Out of the survivors, Jackie Stewart is one of the finest. Widely considered as Jim Clark’s protegee, Stewart rose from the shadow of Clark’s greatness after Jim tragically passed away in 1968 to win three F1 World Driver’s Titles, one Tasman Series title, and almost won the Indy 500 on his first attempt in 1966, among many other accolades. Since his retirement from Formula 1 in 1973, after a grim weekend for Tyrrell’s team, Stewart has remained very much active in motorsports acting as a pundit (if you’re older you may remember him being part of the team on ABC’s Wide World of Sports and NBC Sportsworld) on TV and, also, as a Team Boss in the ’90s for Stewart-Ford. However, arguably, his greatest achievement has been to increase the people’s awareness towards the importance of safety in motorsport during those deadly post-War decades. This stance made him an unpopular figure at the time despite his success as a driver but, nowadays, you can’t help but admit that he’s been instrumental in pushing motorsport, in general, to become safer and safer, a fight that’s still going on today.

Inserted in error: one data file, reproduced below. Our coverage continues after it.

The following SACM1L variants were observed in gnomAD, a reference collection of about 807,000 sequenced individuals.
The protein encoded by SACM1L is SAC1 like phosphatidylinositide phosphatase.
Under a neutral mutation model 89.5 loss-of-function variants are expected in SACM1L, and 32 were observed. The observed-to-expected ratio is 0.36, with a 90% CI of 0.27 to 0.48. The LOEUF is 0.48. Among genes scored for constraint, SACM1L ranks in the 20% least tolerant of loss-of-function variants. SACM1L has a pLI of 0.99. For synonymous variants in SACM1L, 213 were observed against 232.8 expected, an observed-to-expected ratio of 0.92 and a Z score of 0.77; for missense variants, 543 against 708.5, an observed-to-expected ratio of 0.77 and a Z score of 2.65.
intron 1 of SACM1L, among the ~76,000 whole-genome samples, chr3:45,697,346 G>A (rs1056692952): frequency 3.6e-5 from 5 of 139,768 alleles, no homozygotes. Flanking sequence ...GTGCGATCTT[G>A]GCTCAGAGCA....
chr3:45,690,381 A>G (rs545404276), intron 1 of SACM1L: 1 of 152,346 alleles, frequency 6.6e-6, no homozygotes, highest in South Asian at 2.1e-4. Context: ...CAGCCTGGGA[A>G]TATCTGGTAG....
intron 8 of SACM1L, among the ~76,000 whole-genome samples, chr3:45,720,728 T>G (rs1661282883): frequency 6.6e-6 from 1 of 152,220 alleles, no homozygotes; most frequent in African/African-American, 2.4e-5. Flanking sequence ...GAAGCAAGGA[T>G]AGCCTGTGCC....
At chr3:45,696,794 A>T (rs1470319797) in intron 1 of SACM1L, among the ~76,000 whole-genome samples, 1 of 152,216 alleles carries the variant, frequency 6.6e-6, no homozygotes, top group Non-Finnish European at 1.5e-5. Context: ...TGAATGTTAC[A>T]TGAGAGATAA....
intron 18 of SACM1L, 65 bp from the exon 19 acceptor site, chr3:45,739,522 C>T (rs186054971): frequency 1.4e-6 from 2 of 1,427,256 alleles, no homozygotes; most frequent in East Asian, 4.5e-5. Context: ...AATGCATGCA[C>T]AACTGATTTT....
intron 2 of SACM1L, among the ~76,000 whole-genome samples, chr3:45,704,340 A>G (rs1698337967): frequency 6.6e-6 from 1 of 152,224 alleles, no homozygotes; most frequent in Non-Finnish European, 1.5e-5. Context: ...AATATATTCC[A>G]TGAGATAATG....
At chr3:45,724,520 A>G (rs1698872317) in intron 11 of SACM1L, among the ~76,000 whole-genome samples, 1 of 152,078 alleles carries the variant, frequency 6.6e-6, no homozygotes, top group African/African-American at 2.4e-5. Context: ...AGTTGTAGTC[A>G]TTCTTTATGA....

The Mazda MX-5 Miata 30th Anniversary Edition Proves that the U.S. Market Remains a Hotbed for Special Edition Models